KIRA serves as a financial hub connecting decentralised Web3 applications, allowing developers to deploy and secure their own dApps. KIRA’s core technology is in its native consensus – called Multi Bonded Proof of Stake (MBPoS) which not only offers scaling of the network security through virtually uncapped value of assets that can be used to vouch for the honesty of the network operators, but also empowers said validators to choose which dApps they wish to run. Rather than forcing everyone to execute potentially malicious or otherwise legally questionable code KIRA protects both users and the validators.
“Multi Bonded Proof of Stake (MBPoS) enables scaling of security through uncapped value at stake and uncapped number of validators that can participate in the consensus.”
Valmont credits her co-founder and CTO, Mateusz Grzelak, with the idea behind the native consensus.
“There are so many NFTs and other digital assets that are not being used, plus also the whole market of real world assets is waiting to be digitised. So rather than just sitting on assets, people utilise them by staking and earning rewards through KIRA.”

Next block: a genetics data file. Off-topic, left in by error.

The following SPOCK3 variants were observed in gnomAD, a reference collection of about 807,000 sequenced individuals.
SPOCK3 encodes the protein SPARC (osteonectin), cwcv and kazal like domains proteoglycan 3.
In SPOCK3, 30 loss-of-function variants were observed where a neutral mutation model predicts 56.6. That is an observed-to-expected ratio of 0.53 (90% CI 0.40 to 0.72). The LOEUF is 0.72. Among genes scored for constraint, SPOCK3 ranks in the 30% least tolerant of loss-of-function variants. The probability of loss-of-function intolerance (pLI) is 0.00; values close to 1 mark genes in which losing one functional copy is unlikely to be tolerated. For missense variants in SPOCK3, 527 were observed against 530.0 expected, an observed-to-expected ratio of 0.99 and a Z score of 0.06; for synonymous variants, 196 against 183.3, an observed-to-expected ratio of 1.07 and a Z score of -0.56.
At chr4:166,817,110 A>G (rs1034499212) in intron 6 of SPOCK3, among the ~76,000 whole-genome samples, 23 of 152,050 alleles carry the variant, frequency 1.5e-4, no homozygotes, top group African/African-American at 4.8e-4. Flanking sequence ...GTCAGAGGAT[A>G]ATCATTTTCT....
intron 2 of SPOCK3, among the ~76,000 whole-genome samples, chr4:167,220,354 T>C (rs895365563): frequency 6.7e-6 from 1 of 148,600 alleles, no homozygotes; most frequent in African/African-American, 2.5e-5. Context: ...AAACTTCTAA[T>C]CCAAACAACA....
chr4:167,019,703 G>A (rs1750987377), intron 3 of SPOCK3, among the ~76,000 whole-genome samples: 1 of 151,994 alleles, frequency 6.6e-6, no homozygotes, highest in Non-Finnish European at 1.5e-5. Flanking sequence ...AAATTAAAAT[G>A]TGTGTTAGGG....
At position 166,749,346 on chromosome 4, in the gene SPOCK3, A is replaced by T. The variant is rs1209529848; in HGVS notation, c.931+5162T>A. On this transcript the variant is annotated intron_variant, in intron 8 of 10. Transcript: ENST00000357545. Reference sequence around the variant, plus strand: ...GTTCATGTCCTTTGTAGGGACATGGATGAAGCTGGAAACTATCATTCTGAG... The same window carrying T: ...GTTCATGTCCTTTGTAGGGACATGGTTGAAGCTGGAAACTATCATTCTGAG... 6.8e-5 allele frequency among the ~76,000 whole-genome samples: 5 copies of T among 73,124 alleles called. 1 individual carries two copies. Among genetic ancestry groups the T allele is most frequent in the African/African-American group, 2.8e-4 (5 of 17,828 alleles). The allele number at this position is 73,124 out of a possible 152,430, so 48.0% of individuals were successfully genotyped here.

In short – users trustlessly deposit their assets to KIRA and stake them to validators they deem trustworthy. For this service delegators receive block and fee rewards. The staked assets remain transferable in the form of 1:1 staking derivatives. Staking derivatives can then be used to trade, DeFi farm and even stake on leverage to maximise potential revenues. In the process of utilising staking derivatives users pay fees which are then used to attract even more delegators closing the positive feedback loop of the KIRA economy.
The more value vouching for the honesty of a larger set of independent (non-sybil) validators, the more trust users can have in said network as the likelihood of forks and malicious collusion of the network operators decreases. In vanilla Proof of Stake protocols there is no way to scale the security, just like it takes place in Proof of Work where security of the chain is scalable and can be quantitatively measured by its hashrate.
“It might be secure to entrust a vanilla Proof of Stake network with $1m deposit if there is also $1m at stake to match it, but how secure would the users feel in case where they want to collectively transfer $10m to the chain that is only backed by a small fraction of that amount?”